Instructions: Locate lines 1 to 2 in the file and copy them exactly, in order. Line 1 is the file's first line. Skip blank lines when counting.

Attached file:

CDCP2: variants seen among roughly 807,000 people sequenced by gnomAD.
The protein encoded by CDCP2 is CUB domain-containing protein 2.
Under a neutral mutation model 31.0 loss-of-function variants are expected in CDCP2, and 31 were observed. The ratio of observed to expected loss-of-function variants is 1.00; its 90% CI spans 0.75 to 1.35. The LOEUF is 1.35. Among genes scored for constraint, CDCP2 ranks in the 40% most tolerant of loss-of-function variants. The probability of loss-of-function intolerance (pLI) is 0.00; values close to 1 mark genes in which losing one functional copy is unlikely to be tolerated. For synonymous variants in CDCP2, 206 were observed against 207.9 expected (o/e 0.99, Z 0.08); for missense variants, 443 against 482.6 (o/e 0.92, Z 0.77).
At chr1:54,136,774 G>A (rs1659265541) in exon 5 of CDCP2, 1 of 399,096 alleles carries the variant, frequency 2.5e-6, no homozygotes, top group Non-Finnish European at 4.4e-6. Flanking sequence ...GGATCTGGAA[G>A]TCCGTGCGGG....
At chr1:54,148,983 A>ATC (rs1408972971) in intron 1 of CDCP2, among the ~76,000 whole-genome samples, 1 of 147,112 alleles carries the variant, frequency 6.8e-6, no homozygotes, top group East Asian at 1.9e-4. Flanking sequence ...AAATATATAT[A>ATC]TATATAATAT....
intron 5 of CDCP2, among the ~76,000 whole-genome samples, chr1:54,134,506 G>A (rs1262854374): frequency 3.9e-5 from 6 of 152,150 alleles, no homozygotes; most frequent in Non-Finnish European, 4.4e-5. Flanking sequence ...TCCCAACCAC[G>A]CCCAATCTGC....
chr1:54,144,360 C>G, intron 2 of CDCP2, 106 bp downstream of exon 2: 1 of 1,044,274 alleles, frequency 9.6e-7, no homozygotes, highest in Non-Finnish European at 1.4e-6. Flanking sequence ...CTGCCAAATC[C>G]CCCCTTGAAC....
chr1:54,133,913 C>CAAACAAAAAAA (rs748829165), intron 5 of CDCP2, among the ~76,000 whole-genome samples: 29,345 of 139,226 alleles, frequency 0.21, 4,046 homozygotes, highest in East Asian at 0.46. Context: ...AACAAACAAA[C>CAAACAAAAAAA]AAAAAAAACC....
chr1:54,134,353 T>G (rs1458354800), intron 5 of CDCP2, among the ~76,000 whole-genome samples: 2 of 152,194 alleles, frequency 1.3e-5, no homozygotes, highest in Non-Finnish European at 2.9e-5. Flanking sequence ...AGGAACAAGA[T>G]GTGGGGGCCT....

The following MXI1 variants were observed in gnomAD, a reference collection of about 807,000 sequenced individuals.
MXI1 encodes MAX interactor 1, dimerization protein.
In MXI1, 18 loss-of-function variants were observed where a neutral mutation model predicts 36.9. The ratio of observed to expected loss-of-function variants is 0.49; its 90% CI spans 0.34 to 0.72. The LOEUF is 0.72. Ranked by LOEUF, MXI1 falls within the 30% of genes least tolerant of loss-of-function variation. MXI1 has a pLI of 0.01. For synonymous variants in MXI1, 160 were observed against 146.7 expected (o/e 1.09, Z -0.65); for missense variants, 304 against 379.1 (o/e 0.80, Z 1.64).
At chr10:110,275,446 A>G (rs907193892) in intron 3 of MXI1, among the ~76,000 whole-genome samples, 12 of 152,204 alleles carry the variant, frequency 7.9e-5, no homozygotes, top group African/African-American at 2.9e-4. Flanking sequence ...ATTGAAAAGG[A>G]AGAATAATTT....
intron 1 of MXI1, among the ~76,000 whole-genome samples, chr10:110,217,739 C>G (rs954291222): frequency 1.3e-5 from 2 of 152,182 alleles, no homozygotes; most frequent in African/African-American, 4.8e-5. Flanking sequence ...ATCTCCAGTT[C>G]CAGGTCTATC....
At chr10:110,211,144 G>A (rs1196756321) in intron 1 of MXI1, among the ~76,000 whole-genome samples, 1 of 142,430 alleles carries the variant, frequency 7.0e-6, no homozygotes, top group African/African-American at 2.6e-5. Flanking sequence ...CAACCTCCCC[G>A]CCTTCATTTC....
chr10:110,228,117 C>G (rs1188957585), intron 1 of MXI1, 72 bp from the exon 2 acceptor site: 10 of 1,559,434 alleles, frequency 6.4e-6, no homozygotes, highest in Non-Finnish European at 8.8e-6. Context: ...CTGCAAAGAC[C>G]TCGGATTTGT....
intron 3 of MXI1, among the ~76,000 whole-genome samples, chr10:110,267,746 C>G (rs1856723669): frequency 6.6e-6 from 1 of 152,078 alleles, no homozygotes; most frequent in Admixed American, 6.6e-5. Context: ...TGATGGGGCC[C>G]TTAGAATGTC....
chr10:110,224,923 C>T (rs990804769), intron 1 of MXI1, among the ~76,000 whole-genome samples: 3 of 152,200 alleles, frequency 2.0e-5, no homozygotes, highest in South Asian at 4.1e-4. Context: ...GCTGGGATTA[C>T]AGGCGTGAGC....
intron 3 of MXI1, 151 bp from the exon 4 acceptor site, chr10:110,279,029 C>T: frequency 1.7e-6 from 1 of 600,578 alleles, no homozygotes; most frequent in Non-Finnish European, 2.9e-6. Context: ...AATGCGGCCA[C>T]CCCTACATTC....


CDCP2: variants seen among roughly 807,000 people sequenced by gnomAD.
The protein encoded by CDCP2 is CUB domain-containing protein 2.